10:15, Seminar 3: “Advanced Amazon for Authors.” – Led by Amazon’s Director of Author & Publisher Relationships, Jon Fine, this was interesting, but I didn’t walk away feeling like I’d just stumbled on a goldmine of information. That’s probably because my mindset is more aimed at traditional publishing (for now, anyway) than independent publishing. What did jump out at me was the ACX program, where a person can, using Amazon’s resources, create an indie audio book. Also discussed was KindleWorlds, the new fanfiction publishing platform from Amazon. I’m still waiting for KindleWorlds to license Women of the Otherworld and Stargate, so I can get my fanfiction sold. If only…

11:10, Seminar 4: “Author Branding: What You Need To Know.” – This seminar was led by Michael J. Sullivan, fantasy/science fiction writer and Goodreads Guru. The big takeaway from this one was that the most important thing you should do when building a brand is not to step outside of yourself. Alternate egos are difficult to maintain, so if you’re not being true to yourself when putting yourself out there, you are going to find yourself coming off as artificial or wishy washy. No matter what you choose to reveal about yourself, the person who should be coming through when you talk about your brand should be you.

12 PM: Oh my God, I am so hungry. I never ate breakfast, so by the time they break for lunch, I pretty much barrel my way over to the Cosi directly across the street from the hotel and scarf my lunch (Chicken TBM Melt, yo!) happily. I get back in time to go visit the exhibits. This was the only portion of the event I thought was a tad lacking. The exhibits that were there were great. The people were sweet and provided information generously. But for an event that had several periods throughout the weekend for viewing the exhibits, there weren’t many to view. Although, I did walk out with a bag of info packets and four new books from the Writer’s Digest Store.

1 PM, Seminar 5: “A View from the Top: Publishing Insiders on Taking Your Writing Career to the Next Level.” –  Moderated by Kate Travers, Director of Digital Business Development at Workman Publishing, this panel had a nice group of industry insiders: Kristin Fassler, Director of Marketing at Penguin Random House, Larry Kirshbaum, Senior Literary Agent at Waxman Leavell Literary Agency and Brandi Larsen, Digital Publishing Director at New American Library, Berkley Books, and Celebra imprints at Penguin Random House. The big takeaway fact from this panel, though they each discussed it in their own different and engaging manners, was that the publishing industry WANTS to find your book. They want to believe in your book. They are not looking for a reason not to publish your book. They truly want to find the next amazing story. So give it to them. Give them what they are looking for and they will take it and run with it.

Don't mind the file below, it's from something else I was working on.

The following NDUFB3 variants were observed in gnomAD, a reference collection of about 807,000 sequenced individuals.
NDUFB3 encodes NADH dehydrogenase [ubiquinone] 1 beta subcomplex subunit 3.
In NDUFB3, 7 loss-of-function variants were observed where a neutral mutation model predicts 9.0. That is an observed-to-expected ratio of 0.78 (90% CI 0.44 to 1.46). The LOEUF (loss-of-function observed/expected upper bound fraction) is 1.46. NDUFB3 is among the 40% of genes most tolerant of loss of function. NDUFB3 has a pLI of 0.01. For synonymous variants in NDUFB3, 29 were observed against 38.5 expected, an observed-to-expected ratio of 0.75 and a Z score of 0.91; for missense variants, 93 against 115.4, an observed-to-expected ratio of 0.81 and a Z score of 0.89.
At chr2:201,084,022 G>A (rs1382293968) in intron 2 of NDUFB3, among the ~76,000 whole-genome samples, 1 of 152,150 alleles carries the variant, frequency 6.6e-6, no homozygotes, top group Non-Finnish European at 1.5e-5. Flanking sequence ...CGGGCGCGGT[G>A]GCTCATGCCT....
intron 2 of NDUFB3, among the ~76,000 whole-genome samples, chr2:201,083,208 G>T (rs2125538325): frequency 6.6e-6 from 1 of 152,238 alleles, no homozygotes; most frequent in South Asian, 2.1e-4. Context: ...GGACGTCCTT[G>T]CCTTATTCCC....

2PM, Seminar 6: “When the Author Is a Critic: The View From Both Sides”. – This panel was a pleasant surprise. Originally, this space was a to be determined panel. Moderated by Porter Anderson, Journalist/Speaker/Consultant in the publishing industry (who I will forever know as he of the movie trailer voice) and contained Emily St. John Mandel, Author of Station Eleven and Shanna Swendson, Author of The Enchanted Series. The two discussed and debated the benefits of small publishing houses, large publishers, and hybrid publishing (merging traditional and self publishing). I walked away from this one with the idea that the best strategy is to try what you can and find what works for you. We are in a very different publishing world now, and it is essential to have an open mind as you navigate.

Courtesy of If you look on the right 5 rows or so back, you can spot the back of my head. 😉

2:45 PM, Seminar 7: “Do You Really Want to Write a Bestseller? Here’s How.” – Once again conducted by Larry Kirshbaum of Waxman Leavell Literary Agency, this seminar discussed the elements necessary to write a bestseller. Kirshbaum urges writers to make sure they have a strong premise and a strong first chapter. He is also very adamant about writers not overwriting and loading down their descriptions – get it in 1 to 2 sentences and then move on. His closing remark? You have to want it really badly, and if you do, you’ll accomplish it.